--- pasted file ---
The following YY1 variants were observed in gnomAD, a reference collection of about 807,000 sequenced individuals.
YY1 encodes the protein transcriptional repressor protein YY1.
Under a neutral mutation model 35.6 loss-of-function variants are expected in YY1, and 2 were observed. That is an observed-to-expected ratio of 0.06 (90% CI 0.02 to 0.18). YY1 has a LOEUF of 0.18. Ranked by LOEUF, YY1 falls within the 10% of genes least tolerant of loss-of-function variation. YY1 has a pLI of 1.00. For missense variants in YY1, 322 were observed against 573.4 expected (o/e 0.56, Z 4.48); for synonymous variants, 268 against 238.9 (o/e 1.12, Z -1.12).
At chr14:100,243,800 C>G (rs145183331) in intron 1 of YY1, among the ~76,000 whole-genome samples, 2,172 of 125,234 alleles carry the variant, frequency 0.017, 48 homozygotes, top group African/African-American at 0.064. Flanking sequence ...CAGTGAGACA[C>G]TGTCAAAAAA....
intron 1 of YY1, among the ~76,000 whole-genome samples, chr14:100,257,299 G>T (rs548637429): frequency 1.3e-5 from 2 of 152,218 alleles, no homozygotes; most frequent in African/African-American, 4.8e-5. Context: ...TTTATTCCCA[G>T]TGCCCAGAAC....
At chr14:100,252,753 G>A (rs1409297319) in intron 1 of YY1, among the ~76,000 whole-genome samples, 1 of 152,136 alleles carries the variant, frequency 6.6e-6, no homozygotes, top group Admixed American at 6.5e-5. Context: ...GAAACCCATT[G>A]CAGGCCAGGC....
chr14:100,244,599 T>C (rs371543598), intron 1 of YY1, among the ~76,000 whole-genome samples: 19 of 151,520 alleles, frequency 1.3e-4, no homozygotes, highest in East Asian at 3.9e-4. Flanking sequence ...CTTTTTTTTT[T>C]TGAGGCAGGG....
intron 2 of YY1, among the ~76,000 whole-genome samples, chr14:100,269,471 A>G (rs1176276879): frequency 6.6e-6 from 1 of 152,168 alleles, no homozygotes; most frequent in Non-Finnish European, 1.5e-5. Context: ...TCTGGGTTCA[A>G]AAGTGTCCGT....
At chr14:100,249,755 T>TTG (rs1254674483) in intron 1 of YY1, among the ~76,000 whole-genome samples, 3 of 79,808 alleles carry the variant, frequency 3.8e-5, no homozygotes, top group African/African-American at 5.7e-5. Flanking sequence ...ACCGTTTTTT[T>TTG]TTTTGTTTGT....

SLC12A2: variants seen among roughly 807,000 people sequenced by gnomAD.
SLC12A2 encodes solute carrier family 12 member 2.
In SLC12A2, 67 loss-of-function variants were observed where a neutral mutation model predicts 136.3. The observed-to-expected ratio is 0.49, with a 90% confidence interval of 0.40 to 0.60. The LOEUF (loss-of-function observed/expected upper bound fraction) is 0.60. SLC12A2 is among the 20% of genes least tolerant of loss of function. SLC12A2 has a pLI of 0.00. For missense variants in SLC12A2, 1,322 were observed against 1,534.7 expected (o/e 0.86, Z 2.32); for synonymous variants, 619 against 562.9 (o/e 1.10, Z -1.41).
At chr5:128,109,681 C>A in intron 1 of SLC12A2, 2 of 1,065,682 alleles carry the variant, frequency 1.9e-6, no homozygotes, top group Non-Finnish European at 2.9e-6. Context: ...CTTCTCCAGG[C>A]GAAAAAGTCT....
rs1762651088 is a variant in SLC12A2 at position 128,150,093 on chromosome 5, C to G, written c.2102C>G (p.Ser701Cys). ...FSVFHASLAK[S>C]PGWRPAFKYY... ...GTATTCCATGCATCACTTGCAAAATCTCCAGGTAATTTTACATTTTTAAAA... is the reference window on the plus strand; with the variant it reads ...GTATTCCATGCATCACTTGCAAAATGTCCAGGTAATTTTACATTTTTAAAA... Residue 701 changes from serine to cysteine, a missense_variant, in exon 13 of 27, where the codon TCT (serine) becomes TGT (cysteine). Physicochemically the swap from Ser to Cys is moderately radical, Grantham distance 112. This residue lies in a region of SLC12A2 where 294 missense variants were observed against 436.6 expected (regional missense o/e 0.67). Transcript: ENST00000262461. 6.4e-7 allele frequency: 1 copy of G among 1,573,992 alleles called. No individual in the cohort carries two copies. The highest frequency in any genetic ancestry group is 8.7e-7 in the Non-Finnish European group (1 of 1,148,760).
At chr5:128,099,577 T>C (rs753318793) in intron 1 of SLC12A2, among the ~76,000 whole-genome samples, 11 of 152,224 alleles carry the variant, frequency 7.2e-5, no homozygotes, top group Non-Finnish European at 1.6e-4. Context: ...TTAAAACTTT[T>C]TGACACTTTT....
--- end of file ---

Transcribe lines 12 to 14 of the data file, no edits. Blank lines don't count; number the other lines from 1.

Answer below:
In SLC12A2, 67 loss-of-function variants were observed where a neutral mutation model predicts 136.3. The observed-to-expected ratio is 0.49, with a 90% confidence interval of 0.40 to 0.60. The LOEUF (loss-of-function observed/expected upper bound fraction) is 0.60. SLC12A2 is among the 20% of genes least tolerant of loss of function. SLC12A2 has a pLI of 0.00. For missense variants in SLC12A2, 1,322 were observed against 1,534.7 expected (o/e 0.86, Z 2.32); for synonymous variants, 619 against 562.9 (o/e 1.10, Z -1.41).
At chr5:128,109,681 C>A in intron 1 of SLC12A2, 2 of 1,065,682 alleles carry the variant, frequency 1.9e-6, no homozygotes, top group Non-Finnish European at 2.9e-6. Context: ...CTTCTCCAGG[C>A]GAAAAAGTCT....
rs1762651088 is a variant in SLC12A2 at position 128,150,093 on chromosome 5, C to G, written c.2102C>G (p.Ser701Cys). ...FSVFHASLAK[S>C]PGWRPAFKYY... ...GTATTCCATGCATCACTTGCAAAATCTCCAGGTAATTTTACATTTTTAAAA... is the reference window on the plus strand; with the variant it reads ...GTATTCCATGCATCACTTGCAAAATGTCCAGGTAATTTTACATTTTTAAAA... Residue 701 changes from serine to cysteine, a missense_variant, in exon 13 of 27, where the codon TCT (serine) becomes TGT (cysteine). Physicochemically the swap from Ser to Cys is moderately radical, Grantham distance 112. This residue lies in a region of SLC12A2 where 294 missense variants were observed against 436.6 expected (regional missense o/e 0.67). Transcript: ENST00000262461. 6.4e-7 allele frequency: 1 copy of G among 1,573,992 alleles called. No individual in the cohort carries two copies. The highest frequency in any genetic ancestry group is 8.7e-7 in the Non-Finnish European group (1 of 1,148,760).